The Non-Webmaster Guide to Google Search Console (Webmaster Tools) & Technical SEO
Google’s Search Console, formerly called “Webmaster Tools,” houses the more technical data relevant to your site’s SEO (Search Engine Optimization).
There’s a myriad of useful tools that many site owners just don’t know about, which can give you an advantage in getting your site higher up on SERPs (Search Engine Result Pages). And the best part is, it’s not that complicated!
You don’t have to be a “webmaster” to use Webmaster Tools. As with all new interfaces, it just takes a bit of exploration and familiarity to boost your confidence using it. And don’t be afraid to explore! It’s hard to break things in Search Console… So here’s a Search Console Tutorial to help you along the way.
How To Get Started With Google’s Search Console
1. Your Website’s Search Appearance
You actually have a lot of control over how your site’s listing appears on SERPs. Specifically, which content appears. And the more content from your website that shows up on Google, the better: increased website visibility amounts to higher ranking, more clicks, and more ROI for your business.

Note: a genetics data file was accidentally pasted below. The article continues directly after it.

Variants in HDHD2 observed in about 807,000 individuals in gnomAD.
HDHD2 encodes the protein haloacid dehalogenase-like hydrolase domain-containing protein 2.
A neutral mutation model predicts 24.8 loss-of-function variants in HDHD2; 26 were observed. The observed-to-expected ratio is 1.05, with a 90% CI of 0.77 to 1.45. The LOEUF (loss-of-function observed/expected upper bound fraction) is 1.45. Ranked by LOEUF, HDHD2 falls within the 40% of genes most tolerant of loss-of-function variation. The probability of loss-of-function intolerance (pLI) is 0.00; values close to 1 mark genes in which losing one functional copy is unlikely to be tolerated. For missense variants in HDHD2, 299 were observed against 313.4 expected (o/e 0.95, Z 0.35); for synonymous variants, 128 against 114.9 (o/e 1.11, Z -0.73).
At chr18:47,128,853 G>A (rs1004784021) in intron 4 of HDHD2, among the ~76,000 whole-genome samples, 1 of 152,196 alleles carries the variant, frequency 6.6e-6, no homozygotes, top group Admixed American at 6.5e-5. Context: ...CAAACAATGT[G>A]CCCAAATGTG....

Let’s first dissect the Google SERP listing. You can see an example by… well, by Googling something… or by clicking the small i icon next to Search Appearance in Search Console. But let’s quickly run through what website information is visualized in Google’s Search Console.
Grabbed by Google from your page’s hidden
This one’s obvious, but consider: are your URLs more like https://www.example.com/contact-us (canonical) rather than https://www.example.com/content/pages/dir/page497.html (yucky)? Canonical URLs are not just prettier and more user-friendly, but they’re also more bot-friendly, meaning search engine bots are more easily able to identify, classify, and index your pages.
These portray your site’s page hierarchy and their appearance in SERP listings can be influenced using microdata, RDFa or JSON-LD code markup.
Grabbed from your page’s hidden
“Sub” listings of other pages on your site; see Sitelinks below on how to influence these.
- Search Within a Site
Google dynamically adds a secondary, site-limited search field to well-indexed sites’ listings.
- Rich Snippets
Such as event details or product ratings, these are influenced using Structured Data code markup or Google’s Data Highlighter tool.
2. Spam & Other Website Messages From Google
Worried about Google Search penalties, hacks, or any other malicious activities unknowingly affecting your website’s presence on the SERPs?